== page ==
A shanty (also spelled "chantey," "chanty") is a type of work song that was once commonly sung to accompany labor on board large merchant sailing vessels. The term shanty most accurately refers to a specific style of work song belonging to this historical repertoire, however in recent, popular usage, the scope of its definition is sometimes expanded to admit a wider range of repertoire and characteristics, or to refer to a “maritime work song” in general.
Of uncertain etymological origin, the word shanty emerged in the mid-19th century in reference to an appreciably distinct genre of work song, developed especially in American-style merchant vessels that had come to prominence in decades prior to the American Civil War. Shanty songs functioned to economize labor in what had then become larger vessels having smaller crews and operating on stricter schedules. The practice of singing shanties eventually became ubiquitous internationally and throughout the era of wind-driven packet and clipper ships.
Shanties had antecedents in the working chants of British and other national maritime traditions. They were notably influenced by songs of African-Americans, such as those sung whilst manually loading vessels with cotton in ports of the southern United States. Shanty repertoire borrowed from the contemporary popular music enjoyed by sailors, including minstrel music, popular marches, and land-based folk songs, which were adapted to suit musical forms matching the various labor tasks required to operate a sailing ship. Such tasks, which usually required a coordinated group effort in either a pulling or pushing action, included weighing anchor and setting sail.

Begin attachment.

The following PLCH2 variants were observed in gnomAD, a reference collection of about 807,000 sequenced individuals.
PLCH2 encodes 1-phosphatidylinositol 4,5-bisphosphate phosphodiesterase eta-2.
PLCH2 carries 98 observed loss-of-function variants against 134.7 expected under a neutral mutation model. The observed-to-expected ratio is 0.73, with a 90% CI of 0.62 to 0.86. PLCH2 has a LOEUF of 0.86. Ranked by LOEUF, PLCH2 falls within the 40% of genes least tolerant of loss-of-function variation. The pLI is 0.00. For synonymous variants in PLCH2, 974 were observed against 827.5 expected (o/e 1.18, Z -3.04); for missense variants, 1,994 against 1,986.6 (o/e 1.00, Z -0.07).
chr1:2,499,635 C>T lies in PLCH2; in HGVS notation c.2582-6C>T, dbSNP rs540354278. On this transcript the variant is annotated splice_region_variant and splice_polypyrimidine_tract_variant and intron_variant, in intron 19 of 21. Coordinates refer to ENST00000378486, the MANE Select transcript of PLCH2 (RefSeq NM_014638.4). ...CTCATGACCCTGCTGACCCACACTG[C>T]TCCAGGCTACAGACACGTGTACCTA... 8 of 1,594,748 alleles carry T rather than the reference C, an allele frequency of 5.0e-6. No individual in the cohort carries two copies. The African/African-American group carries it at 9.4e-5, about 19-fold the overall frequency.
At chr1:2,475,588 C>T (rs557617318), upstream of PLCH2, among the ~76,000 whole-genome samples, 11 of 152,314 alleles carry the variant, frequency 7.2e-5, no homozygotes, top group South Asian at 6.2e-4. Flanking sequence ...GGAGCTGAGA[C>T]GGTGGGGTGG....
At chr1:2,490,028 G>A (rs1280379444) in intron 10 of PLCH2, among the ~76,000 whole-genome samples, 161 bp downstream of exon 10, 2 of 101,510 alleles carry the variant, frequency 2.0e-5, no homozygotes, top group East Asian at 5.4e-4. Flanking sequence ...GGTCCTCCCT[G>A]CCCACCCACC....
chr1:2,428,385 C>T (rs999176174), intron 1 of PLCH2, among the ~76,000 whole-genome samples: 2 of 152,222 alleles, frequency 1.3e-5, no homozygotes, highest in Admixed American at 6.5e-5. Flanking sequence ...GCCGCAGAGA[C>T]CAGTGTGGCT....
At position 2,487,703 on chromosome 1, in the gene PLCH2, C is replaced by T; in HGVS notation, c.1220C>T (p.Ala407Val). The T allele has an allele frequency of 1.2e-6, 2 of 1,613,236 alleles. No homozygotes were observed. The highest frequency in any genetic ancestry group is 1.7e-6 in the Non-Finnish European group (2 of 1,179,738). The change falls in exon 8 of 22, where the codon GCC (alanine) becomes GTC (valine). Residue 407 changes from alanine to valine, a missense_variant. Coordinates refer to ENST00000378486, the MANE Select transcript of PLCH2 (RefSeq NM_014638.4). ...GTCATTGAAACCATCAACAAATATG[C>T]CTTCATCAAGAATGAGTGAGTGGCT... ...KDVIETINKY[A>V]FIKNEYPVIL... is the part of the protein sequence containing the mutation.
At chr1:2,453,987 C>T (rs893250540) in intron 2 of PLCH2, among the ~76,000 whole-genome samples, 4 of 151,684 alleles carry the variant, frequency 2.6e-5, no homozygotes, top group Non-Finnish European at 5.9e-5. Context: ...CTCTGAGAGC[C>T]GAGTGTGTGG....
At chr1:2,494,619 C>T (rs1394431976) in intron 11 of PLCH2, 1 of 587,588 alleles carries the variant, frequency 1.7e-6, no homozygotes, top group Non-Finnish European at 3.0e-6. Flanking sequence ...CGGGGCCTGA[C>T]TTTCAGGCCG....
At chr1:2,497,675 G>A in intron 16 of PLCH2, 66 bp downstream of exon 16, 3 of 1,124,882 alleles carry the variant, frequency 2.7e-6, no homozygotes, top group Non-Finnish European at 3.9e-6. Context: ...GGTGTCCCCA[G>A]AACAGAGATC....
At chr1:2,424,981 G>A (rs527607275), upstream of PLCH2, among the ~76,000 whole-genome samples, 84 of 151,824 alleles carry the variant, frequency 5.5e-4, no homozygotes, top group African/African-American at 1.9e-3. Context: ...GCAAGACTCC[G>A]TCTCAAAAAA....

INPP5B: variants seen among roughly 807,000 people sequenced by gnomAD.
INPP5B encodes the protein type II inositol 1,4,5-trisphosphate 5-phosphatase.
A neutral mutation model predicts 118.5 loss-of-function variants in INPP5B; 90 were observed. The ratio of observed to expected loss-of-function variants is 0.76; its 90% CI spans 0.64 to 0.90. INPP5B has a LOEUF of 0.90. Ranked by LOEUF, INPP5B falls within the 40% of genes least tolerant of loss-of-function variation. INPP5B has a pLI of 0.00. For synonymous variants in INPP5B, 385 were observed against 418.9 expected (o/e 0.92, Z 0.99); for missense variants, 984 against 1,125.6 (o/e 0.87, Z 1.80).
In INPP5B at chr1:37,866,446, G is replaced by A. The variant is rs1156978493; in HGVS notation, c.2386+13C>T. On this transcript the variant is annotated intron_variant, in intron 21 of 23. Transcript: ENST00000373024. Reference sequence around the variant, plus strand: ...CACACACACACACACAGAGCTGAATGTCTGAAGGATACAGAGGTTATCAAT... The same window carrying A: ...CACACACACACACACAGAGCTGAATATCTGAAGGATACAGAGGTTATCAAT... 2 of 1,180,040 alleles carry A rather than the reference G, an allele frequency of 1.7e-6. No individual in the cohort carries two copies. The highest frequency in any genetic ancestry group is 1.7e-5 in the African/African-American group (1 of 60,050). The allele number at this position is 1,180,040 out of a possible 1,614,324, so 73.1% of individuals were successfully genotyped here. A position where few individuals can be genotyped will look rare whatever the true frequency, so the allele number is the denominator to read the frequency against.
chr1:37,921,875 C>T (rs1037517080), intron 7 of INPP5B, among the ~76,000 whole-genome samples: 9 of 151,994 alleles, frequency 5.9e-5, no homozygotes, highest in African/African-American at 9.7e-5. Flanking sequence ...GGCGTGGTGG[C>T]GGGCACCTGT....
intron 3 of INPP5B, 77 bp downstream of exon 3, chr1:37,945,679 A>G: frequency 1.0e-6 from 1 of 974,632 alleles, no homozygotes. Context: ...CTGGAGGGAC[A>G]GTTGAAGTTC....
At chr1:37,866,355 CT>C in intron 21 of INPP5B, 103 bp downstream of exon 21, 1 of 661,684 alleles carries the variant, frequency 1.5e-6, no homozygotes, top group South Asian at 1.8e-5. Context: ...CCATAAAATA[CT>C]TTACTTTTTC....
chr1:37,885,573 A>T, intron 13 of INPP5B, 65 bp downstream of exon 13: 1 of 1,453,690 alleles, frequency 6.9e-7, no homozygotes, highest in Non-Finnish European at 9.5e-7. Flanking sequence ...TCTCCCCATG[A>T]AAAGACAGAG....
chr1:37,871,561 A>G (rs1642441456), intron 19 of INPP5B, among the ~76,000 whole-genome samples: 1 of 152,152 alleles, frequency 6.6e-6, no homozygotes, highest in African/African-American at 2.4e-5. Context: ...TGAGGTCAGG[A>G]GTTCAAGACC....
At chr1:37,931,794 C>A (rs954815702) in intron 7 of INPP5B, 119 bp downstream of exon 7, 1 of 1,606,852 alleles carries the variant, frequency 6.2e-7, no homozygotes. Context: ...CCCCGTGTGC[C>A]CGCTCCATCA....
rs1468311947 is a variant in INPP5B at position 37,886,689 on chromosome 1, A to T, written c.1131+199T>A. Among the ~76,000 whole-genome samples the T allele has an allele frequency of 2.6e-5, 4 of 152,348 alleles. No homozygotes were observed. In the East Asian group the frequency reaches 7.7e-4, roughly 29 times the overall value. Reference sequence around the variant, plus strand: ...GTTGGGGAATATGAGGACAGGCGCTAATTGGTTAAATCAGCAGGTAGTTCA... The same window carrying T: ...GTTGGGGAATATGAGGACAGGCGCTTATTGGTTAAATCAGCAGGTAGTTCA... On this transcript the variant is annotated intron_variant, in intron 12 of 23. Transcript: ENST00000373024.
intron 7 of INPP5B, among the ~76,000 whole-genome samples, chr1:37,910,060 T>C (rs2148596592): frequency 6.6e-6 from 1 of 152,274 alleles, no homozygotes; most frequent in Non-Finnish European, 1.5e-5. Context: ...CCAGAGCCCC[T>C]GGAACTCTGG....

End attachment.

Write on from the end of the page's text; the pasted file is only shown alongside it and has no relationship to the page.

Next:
The shanty genre was typified by flexible lyrical forms, which in practice provided for much improvisation and the ability to lengthen or shorten a song to match the circumstances. Its hallmark was call and response, performed between a soloist and the rest of the workers in chorus. The leader, called the shantyman, was appreciated for his piquant language, lyrical wit, and strong voice. Shanties were sung without instrumental accompaniment and, historically speaking, they were only sung in work-based rather than entertainment-oriented contexts. Although most prominent in English, shanties have been created in or translated into other European languages.
The switch to steam-powered ships and the use of machines for shipboard tasks, by the end of the 19th century, meant that shanties gradually ceased to serve a practical function, and their use as work songs became negligible in the first half of the 20th century. Nonetheless, information about shanties was preserved by veteran sailors and by folklorist song-collectors, and their written and audio-recorded work provided resources that would later support a revival in singing shanties as a land-based leisure activity. Commercial musical recordings, popular literature, and other media, especially since the 1920s, have driven interest in shanties among land-folk. The modern performance contexts of these songs have affected their forms, their content, and the way they are understood as cultural and historical artifacts. Recent performances range from the “traditional” style of practitioners within a revival-oriented, maritime music scene, to the adoption of shanty repertoire by musicians in a variety of popular styles.
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... Songs from the shanty repertoire have appeared in motion pictures ... a sample list of notable films to have included traditional shanty repertoire ...
Famous quotes containing the words shanty and/or sea:
“You cant appreciate home till youve left it, money till its spent, your wife till shes joined a womans club, nor Old Glory till you see it hanging on a broomstick on the shanty of a consul in a foreign town.”
—O. Henry [William Sydney Porter] (18621910)
“They that go down to the sea in ships, that do business in great waters, these see the works of the Lord and his wonders in the deep.”
—Bible: Hebrew Psalms 107:23-24.